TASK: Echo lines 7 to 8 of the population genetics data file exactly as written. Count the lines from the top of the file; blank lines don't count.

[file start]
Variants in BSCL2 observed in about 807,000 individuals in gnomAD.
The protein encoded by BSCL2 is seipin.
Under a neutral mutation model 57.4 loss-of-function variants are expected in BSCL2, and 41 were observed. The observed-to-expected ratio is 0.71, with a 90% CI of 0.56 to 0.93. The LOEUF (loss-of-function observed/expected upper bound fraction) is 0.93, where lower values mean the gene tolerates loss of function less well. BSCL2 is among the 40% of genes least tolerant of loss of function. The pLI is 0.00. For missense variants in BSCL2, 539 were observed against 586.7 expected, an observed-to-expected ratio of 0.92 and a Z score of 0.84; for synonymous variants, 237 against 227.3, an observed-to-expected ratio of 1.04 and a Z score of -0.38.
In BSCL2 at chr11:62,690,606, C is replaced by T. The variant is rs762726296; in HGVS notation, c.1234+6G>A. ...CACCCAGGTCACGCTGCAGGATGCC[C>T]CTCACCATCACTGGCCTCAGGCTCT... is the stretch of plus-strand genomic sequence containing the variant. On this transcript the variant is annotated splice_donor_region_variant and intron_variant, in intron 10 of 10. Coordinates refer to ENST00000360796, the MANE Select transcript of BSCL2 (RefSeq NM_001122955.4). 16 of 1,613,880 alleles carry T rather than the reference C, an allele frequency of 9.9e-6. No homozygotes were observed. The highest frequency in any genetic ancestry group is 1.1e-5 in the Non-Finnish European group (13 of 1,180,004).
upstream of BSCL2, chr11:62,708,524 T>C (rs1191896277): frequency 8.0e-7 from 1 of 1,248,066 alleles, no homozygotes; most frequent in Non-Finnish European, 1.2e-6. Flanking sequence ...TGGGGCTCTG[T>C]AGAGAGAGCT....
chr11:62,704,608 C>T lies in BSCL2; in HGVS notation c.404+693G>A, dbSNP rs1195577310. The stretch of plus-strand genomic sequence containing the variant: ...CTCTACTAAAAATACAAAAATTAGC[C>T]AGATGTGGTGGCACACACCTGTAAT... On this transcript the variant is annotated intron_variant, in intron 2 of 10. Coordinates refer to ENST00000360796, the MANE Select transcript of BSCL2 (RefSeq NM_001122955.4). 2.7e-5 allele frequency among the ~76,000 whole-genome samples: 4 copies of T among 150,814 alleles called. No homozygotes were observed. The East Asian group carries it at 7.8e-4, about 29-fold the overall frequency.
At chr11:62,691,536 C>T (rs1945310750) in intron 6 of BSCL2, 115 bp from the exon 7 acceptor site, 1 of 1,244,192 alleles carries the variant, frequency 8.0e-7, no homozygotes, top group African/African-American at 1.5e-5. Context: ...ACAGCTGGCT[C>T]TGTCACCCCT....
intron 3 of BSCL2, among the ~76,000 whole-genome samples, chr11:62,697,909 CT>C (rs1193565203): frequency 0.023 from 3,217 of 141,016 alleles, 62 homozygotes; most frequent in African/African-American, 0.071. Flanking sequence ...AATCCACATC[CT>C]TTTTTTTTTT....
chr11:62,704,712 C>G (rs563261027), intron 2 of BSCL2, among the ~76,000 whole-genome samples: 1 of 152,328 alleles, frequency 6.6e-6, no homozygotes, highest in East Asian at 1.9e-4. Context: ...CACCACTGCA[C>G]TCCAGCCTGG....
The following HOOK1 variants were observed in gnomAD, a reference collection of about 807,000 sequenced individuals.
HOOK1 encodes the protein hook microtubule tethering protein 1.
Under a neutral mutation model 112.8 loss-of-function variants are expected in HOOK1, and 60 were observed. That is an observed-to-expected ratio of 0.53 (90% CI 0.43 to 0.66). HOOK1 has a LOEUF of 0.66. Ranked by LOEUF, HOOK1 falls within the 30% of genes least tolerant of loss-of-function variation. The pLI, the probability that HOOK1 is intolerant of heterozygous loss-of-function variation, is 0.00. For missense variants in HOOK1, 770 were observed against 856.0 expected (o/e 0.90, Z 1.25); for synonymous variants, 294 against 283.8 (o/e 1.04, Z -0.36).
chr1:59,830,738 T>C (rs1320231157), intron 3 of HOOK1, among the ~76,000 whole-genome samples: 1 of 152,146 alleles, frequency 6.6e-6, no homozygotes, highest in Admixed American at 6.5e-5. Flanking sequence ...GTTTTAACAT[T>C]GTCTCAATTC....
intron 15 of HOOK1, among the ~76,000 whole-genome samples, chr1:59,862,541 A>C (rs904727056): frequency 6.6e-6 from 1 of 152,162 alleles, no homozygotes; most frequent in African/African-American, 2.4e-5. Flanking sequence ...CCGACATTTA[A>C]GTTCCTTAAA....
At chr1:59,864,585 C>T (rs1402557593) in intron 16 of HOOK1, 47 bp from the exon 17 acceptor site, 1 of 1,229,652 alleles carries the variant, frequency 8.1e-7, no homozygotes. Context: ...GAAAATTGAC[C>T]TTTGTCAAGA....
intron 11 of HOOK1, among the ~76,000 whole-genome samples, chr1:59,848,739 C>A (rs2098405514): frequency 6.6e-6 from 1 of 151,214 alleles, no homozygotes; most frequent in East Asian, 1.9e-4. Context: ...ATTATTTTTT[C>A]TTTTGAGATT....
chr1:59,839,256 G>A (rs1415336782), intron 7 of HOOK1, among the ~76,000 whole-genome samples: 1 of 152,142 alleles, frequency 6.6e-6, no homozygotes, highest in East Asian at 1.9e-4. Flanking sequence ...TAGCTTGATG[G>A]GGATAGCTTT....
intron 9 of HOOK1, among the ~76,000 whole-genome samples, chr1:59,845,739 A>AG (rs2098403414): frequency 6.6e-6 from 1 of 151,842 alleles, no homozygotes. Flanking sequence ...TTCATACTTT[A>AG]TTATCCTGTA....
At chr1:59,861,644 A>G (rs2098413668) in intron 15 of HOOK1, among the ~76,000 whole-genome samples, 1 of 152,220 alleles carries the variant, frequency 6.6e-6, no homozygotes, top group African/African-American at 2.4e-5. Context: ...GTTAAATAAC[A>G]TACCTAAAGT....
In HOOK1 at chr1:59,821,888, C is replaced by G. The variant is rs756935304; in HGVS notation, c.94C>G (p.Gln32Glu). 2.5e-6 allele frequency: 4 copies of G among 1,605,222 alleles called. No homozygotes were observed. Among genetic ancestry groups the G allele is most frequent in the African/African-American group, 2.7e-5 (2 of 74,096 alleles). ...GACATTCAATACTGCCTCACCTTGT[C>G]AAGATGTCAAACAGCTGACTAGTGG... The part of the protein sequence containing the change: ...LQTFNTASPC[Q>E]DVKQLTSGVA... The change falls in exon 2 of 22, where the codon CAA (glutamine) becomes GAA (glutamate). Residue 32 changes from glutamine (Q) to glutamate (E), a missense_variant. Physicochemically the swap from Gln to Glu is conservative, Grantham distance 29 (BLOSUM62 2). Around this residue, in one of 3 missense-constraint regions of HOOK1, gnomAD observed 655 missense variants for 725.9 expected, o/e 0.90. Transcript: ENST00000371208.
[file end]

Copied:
At chr11:62,691,536 C>T (rs1945310750) in intron 6 of BSCL2, 115 bp from the exon 7 acceptor site, 1 of 1,244,192 alleles carries the variant, frequency 8.0e-7, no homozygotes, top group African/African-American at 1.5e-5. Context: ...ACAGCTGGCT[C>T]TGTCACCCCT....
intron 3 of BSCL2, among the ~76,000 whole-genome samples, chr11:62,697,909 CT>C (rs1193565203): frequency 0.023 from 3,217 of 141,016 alleles, 62 homozygotes; most frequent in African/African-American, 0.071. Flanking sequence ...AATCCACATC[CT>C]TTTTTTTTTT....